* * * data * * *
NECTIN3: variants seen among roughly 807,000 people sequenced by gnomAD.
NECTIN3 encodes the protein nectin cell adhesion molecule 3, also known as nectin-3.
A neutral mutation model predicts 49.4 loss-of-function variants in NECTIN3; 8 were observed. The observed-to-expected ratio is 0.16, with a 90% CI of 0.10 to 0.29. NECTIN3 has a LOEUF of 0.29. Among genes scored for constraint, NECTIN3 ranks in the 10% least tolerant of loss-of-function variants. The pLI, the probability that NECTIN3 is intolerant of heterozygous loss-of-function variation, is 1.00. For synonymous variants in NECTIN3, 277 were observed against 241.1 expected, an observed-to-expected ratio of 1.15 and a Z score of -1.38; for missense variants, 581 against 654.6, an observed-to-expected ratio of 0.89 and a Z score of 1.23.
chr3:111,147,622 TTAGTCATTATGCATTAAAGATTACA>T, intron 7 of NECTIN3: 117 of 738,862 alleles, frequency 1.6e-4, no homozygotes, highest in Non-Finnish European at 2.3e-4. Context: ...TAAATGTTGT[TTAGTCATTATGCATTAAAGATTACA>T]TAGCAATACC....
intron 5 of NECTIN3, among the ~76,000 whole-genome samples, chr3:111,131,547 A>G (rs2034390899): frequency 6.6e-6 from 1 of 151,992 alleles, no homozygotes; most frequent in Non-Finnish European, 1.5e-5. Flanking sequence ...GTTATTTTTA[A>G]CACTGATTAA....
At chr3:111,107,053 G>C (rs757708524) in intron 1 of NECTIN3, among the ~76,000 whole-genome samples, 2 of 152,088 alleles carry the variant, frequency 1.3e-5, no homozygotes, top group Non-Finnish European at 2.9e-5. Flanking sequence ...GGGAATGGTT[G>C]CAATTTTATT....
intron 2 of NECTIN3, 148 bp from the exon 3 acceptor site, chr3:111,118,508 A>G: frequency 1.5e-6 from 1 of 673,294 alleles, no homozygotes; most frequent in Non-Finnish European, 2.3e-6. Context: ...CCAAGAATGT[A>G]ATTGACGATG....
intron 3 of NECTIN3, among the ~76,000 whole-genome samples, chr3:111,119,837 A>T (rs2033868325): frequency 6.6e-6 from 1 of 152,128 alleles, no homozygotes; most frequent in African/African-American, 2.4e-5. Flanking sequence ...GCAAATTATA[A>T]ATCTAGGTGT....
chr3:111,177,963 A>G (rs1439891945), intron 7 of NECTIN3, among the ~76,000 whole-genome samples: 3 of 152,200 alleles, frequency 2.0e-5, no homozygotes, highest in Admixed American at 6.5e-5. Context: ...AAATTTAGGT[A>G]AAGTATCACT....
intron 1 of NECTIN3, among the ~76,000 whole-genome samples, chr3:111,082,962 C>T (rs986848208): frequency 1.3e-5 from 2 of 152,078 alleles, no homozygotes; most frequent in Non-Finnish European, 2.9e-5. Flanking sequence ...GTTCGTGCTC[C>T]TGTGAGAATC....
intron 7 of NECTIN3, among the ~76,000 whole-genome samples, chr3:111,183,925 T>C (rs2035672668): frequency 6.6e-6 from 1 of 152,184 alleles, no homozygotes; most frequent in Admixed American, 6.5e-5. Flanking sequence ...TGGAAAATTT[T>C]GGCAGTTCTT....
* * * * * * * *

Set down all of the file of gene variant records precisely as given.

NECTIN3: variants seen among roughly 807,000 people sequenced by gnomAD.
NECTIN3 encodes the protein nectin cell adhesion molecule 3, also known as nectin-3.
A neutral mutation model predicts 49.4 loss-of-function variants in NECTIN3; 8 were observed. The observed-to-expected ratio is 0.16, with a 90% CI of 0.10 to 0.29. NECTIN3 has a LOEUF of 0.29. Among genes scored for constraint, NECTIN3 ranks in the 10% least tolerant of loss-of-function variants. The pLI, the probability that NECTIN3 is intolerant of heterozygous loss-of-function variation, is 1.00. For synonymous variants in NECTIN3, 277 were observed against 241.1 expected, an observed-to-expected ratio of 1.15 and a Z score of -1.38; for missense variants, 581 against 654.6, an observed-to-expected ratio of 0.89 and a Z score of 1.23.
chr3:111,147,622 TTAGTCATTATGCATTAAAGATTACA>T, intron 7 of NECTIN3: 117 of 738,862 alleles, frequency 1.6e-4, no homozygotes, highest in Non-Finnish European at 2.3e-4. Context: ...TAAATGTTGT[TTAGTCATTATGCATTAAAGATTACA>T]TAGCAATACC....
intron 5 of NECTIN3, among the ~76,000 whole-genome samples, chr3:111,131,547 A>G (rs2034390899): frequency 6.6e-6 from 1 of 151,992 alleles, no homozygotes; most frequent in Non-Finnish European, 1.5e-5. Flanking sequence ...GTTATTTTTA[A>G]CACTGATTAA....
At chr3:111,107,053 G>C (rs757708524) in intron 1 of NECTIN3, among the ~76,000 whole-genome samples, 2 of 152,088 alleles carry the variant, frequency 1.3e-5, no homozygotes, top group Non-Finnish European at 2.9e-5. Flanking sequence ...GGGAATGGTT[G>C]CAATTTTATT....
intron 2 of NECTIN3, 148 bp from the exon 3 acceptor site, chr3:111,118,508 A>G: frequency 1.5e-6 from 1 of 673,294 alleles, no homozygotes; most frequent in Non-Finnish European, 2.3e-6. Context: ...CCAAGAATGT[A>G]ATTGACGATG....
intron 3 of NECTIN3, among the ~76,000 whole-genome samples, chr3:111,119,837 A>T (rs2033868325): frequency 6.6e-6 from 1 of 152,128 alleles, no homozygotes; most frequent in African/African-American, 2.4e-5. Flanking sequence ...GCAAATTATA[A>T]ATCTAGGTGT....
chr3:111,177,963 A>G (rs1439891945), intron 7 of NECTIN3, among the ~76,000 whole-genome samples: 3 of 152,200 alleles, frequency 2.0e-5, no homozygotes, highest in Admixed American at 6.5e-5. Context: ...AAATTTAGGT[A>G]AAGTATCACT....
intron 1 of NECTIN3, among the ~76,000 whole-genome samples, chr3:111,082,962 C>T (rs986848208): frequency 1.3e-5 from 2 of 152,078 alleles, no homozygotes; most frequent in Non-Finnish European, 2.9e-5. Flanking sequence ...GTTCGTGCTC[C>T]TGTGAGAATC....
intron 7 of NECTIN3, among the ~76,000 whole-genome samples, chr3:111,183,925 T>C (rs2035672668): frequency 6.6e-6 from 1 of 152,184 alleles, no homozygotes; most frequent in Admixed American, 6.5e-5. Flanking sequence ...TGGAAAATTT[T>C]GGCAGTTCTT....